- Kelly, Morgan W.
University of Maine Graduate School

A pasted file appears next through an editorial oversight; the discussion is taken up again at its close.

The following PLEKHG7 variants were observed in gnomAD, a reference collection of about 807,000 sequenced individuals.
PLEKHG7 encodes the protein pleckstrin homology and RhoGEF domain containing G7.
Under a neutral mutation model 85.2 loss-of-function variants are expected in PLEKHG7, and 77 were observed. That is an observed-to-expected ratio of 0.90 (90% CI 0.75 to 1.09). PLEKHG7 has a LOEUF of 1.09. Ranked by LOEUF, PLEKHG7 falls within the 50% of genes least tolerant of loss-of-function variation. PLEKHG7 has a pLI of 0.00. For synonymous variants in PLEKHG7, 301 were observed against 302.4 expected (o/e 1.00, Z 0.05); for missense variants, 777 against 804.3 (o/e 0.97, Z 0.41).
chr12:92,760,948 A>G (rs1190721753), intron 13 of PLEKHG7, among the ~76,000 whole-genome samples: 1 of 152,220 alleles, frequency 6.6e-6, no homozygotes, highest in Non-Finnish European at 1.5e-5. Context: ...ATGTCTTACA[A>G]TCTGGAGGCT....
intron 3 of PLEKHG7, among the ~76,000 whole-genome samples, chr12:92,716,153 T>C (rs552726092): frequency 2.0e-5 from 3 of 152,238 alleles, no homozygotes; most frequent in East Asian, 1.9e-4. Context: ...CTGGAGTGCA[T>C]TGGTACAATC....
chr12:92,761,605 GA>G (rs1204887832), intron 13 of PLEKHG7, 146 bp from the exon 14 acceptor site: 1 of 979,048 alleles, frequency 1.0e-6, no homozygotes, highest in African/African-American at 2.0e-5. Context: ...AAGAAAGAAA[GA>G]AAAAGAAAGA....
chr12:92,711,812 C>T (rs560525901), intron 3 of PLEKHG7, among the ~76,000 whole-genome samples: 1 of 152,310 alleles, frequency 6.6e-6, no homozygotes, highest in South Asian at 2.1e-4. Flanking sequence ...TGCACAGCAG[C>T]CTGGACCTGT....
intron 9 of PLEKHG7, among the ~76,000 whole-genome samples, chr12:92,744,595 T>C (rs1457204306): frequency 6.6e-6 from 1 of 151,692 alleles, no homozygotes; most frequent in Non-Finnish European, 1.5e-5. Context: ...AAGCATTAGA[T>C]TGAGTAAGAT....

The tidewater mucket (Leptodea ochracea) and yellow lampmussel (Lampsils cariosa) are two freshwater mussel species in serious need of conservation, as they are declining throughout most of their Atlantic slope ranges. Both species are listed as Threatened in Maine, and as endangered, threatened, of special concern, or species at risk in most states and provinces throughout their ranges, which extend from Nova Scotia to Georgia. Because freshwater mussels rely on fish hosts for movement of their larvae, barriers to the movement of fish hosts, such as fragmentation by dams, may indirectly affect population genetic structure in mussels. An understanding of population genetic structure for L. ochracea and L. cariosa in Maine is important to delineate management units at the state level and may illuminate some of the landscape level factors affecting population structure in both species. I used microsatellite loci originally developed for Lampsilis abrupta to assess population level genetic variation for L cariosa and L ochracea within and among three river drainages in Maine. Seven of these loci were used to assess population structure of L. Cariosa, but only three of the loci that amplified in L ochracea were polymorphic. There was evidence for null alleles at some loci, but consistently in results across loci indicated that my overall findings were robust. Both species had significant genetic differences among populations. Significant differences were observed among populations within and among drainages for L. cariosa. By contrast, within, but not among, drainage differences were observed for L ochracea. Although L. Cariosa exhibited significant isolation by distance, there was no correlation between genetic distance and the number of intervening dams for either species after correcting for the effects of geographic distance. these results will be valuable in developing management plans at the state level, especially in light of impending dam removals, which are likely to require translocations of both species. Where translocations become necessary, I recommend that they occur among least divergent populations, if ecological conditions permit.